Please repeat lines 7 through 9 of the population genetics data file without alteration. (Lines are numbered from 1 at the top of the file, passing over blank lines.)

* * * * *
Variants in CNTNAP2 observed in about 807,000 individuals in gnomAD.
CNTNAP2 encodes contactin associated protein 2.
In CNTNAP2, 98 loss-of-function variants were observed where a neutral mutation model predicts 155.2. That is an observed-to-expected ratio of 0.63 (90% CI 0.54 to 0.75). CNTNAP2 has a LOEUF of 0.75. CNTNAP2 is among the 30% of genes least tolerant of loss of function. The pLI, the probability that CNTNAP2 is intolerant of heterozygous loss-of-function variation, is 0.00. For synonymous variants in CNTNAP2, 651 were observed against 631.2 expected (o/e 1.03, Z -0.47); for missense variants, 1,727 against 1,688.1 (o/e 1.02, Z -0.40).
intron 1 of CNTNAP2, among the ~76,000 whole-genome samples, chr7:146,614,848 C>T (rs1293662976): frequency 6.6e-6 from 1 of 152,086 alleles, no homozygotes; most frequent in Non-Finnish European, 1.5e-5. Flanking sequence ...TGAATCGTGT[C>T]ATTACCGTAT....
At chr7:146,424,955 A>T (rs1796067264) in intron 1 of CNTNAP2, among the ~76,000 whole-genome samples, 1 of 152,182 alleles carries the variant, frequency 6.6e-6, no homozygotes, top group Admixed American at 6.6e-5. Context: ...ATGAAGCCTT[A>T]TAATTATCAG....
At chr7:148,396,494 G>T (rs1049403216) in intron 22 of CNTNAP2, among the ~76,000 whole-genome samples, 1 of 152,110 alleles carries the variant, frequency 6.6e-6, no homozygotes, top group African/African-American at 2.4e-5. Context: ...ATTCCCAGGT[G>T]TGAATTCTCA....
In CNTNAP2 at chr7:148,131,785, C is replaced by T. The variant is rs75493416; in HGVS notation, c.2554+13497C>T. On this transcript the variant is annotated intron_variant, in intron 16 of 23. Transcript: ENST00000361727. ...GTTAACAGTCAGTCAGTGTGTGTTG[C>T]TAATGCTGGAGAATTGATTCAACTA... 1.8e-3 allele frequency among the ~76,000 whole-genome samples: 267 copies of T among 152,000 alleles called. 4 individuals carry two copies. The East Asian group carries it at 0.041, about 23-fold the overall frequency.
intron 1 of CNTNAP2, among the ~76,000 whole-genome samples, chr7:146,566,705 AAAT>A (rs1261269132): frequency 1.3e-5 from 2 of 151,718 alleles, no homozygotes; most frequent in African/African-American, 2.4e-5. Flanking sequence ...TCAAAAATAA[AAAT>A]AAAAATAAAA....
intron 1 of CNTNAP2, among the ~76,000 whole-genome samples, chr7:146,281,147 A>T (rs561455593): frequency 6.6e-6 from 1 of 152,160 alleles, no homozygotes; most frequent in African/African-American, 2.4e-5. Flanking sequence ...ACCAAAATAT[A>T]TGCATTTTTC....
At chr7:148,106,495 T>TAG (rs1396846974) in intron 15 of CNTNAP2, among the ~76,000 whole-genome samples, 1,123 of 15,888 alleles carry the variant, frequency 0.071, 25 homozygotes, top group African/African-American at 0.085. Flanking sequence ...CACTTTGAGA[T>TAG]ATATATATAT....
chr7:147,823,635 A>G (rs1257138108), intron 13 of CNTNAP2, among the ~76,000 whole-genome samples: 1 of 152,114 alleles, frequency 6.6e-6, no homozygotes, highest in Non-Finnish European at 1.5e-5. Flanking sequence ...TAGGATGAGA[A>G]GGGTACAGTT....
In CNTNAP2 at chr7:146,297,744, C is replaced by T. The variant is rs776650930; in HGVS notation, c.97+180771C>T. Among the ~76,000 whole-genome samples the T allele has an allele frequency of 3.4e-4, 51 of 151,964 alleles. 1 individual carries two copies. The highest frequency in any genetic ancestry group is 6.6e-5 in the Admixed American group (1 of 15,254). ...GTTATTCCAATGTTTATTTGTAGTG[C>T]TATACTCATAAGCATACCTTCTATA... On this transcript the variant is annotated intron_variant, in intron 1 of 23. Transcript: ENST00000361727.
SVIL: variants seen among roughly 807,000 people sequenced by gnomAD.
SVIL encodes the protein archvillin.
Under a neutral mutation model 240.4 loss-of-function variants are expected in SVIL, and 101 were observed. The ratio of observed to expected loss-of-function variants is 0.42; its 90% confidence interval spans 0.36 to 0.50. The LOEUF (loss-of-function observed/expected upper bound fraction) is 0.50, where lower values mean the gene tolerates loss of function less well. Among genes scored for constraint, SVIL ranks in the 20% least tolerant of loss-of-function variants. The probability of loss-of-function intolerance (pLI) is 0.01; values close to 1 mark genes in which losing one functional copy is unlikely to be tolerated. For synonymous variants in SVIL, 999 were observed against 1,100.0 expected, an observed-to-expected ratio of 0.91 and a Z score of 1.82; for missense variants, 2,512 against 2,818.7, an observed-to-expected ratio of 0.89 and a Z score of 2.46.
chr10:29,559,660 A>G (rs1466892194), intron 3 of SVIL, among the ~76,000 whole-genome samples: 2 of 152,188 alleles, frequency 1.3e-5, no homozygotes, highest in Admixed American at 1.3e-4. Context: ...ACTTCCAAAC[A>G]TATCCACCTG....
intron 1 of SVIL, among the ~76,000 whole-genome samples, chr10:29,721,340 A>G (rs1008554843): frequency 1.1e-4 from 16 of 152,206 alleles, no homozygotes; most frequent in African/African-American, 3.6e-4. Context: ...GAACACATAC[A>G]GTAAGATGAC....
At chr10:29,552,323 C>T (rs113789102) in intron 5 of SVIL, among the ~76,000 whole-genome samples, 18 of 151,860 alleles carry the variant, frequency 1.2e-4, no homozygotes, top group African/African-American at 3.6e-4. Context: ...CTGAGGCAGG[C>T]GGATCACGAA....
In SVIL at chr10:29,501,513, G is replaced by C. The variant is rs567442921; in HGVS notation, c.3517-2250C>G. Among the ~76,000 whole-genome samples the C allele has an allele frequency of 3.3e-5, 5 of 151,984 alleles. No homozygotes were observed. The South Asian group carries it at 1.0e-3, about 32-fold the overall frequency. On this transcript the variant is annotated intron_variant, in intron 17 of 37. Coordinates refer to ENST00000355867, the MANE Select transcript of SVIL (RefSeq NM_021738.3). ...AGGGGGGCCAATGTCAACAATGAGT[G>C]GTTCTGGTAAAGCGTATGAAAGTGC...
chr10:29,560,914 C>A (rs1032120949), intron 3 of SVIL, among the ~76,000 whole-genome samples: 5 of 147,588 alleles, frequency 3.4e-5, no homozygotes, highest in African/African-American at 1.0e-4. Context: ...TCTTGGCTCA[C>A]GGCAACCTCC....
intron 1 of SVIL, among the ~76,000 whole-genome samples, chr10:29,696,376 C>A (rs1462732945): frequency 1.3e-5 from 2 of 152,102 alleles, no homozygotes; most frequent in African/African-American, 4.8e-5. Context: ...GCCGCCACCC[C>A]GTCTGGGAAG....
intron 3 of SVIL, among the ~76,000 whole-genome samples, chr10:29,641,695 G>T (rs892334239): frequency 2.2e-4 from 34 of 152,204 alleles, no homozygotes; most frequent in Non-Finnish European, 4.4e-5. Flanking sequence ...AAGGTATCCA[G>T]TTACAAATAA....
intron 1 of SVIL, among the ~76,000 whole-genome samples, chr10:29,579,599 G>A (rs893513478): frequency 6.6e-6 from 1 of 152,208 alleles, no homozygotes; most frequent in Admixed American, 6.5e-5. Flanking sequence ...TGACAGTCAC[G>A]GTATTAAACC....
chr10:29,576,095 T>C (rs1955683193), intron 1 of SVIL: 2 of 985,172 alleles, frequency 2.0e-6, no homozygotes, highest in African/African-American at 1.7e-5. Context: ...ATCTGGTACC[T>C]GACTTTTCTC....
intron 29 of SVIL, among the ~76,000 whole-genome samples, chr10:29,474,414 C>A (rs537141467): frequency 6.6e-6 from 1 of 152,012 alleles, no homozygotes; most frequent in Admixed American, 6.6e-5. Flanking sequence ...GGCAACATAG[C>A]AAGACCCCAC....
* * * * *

In CNTNAP2 at chr7:148,131,785, C is replaced by T. The variant is rs75493416; in HGVS notation, c.2554+13497C>T. On this transcript the variant is annotated intron_variant, in intron 16 of 23. Transcript: ENST00000361727. ...GTTAACAGTCAGTCAGTGTGTGTTG[C>T]TAATGCTGGAGAATTGATTCAACTA... 1.8e-3 allele frequency among the ~76,000 whole-genome samples: 267 copies of T among 152,000 alleles called. 4 individuals carry two copies. The East Asian group carries it at 0.041, about 23-fold the overall frequency.
intron 1 of CNTNAP2, among the ~76,000 whole-genome samples, chr7:146,566,705 AAAT>A (rs1261269132): frequency 1.3e-5 from 2 of 151,718 alleles, no homozygotes; most frequent in African/African-American, 2.4e-5. Flanking sequence ...TCAAAAATAA[AAAT>A]AAAAATAAAA....
intron 1 of CNTNAP2, among the ~76,000 whole-genome samples, chr7:146,281,147 A>T (rs561455593): frequency 6.6e-6 from 1 of 152,160 alleles, no homozygotes; most frequent in African/African-American, 2.4e-5. Flanking sequence ...ACCAAAATAT[A>T]TGCATTTTTC....